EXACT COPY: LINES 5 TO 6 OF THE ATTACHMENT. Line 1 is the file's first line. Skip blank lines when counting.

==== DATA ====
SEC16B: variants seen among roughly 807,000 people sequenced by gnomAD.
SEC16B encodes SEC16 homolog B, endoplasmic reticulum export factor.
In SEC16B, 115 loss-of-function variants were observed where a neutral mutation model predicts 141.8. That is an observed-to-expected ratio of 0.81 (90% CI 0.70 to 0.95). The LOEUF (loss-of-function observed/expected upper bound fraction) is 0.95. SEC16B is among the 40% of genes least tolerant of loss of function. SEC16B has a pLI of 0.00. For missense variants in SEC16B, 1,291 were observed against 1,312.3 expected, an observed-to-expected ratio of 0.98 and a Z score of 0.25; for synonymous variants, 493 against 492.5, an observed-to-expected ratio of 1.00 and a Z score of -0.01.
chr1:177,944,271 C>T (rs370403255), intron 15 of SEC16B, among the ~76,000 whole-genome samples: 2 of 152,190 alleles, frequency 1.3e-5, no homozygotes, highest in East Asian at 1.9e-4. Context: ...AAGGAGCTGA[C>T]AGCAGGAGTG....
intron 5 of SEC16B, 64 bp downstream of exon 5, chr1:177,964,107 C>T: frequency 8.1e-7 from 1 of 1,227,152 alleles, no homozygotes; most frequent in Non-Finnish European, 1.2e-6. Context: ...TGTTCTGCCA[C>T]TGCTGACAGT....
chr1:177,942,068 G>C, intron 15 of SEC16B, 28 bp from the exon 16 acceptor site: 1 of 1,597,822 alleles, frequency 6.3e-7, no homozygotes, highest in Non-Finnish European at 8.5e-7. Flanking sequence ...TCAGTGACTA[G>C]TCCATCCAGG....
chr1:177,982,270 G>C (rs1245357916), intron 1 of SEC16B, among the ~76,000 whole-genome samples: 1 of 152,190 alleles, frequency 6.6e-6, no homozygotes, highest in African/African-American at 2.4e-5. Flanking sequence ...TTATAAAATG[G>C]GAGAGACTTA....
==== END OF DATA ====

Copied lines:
intron 5 of SEC16B, 64 bp downstream of exon 5, chr1:177,964,107 C>T: frequency 8.1e-7 from 1 of 1,227,152 alleles, no homozygotes; most frequent in Non-Finnish European, 1.2e-6. Context: ...TGTTCTGCCA[C>T]TGCTGACAGT....
chr1:177,942,068 G>C, intron 15 of SEC16B, 28 bp from the exon 16 acceptor site: 1 of 1,597,822 alleles, frequency 6.3e-7, no homozygotes, highest in Non-Finnish European at 8.5e-7. Flanking sequence ...TCAGTGACTA[G>C]TCCATCCAGG....